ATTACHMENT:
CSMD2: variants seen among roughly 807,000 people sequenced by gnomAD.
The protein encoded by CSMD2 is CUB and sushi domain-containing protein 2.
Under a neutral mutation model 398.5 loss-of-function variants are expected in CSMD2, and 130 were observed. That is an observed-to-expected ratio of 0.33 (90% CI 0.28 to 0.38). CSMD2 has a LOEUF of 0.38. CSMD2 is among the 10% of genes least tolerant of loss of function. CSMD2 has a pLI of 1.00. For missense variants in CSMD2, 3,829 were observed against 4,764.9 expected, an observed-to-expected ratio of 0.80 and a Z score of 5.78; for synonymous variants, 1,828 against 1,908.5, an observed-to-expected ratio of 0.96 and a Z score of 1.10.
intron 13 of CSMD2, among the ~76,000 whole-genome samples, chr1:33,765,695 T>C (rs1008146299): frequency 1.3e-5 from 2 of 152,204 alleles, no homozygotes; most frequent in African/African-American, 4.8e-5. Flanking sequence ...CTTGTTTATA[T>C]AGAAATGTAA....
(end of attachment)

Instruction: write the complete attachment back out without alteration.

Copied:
CSMD2: variants seen among roughly 807,000 people sequenced by gnomAD.
The protein encoded by CSMD2 is CUB and sushi domain-containing protein 2.
Under a neutral mutation model 398.5 loss-of-function variants are expected in CSMD2, and 130 were observed. That is an observed-to-expected ratio of 0.33 (90% CI 0.28 to 0.38). CSMD2 has a LOEUF of 0.38. CSMD2 is among the 10% of genes least tolerant of loss of function. CSMD2 has a pLI of 1.00. For missense variants in CSMD2, 3,829 were observed against 4,764.9 expected, an observed-to-expected ratio of 0.80 and a Z score of 5.78; for synonymous variants, 1,828 against 1,908.5, an observed-to-expected ratio of 0.96 and a Z score of 1.10.
intron 13 of CSMD2, among the ~76,000 whole-genome samples, chr1:33,765,695 T>C (rs1008146299): frequency 1.3e-5 from 2 of 152,204 alleles, no homozygotes; most frequent in African/African-American, 4.8e-5. Flanking sequence ...CTTGTTTATA[T>C]AGAAATGTAA....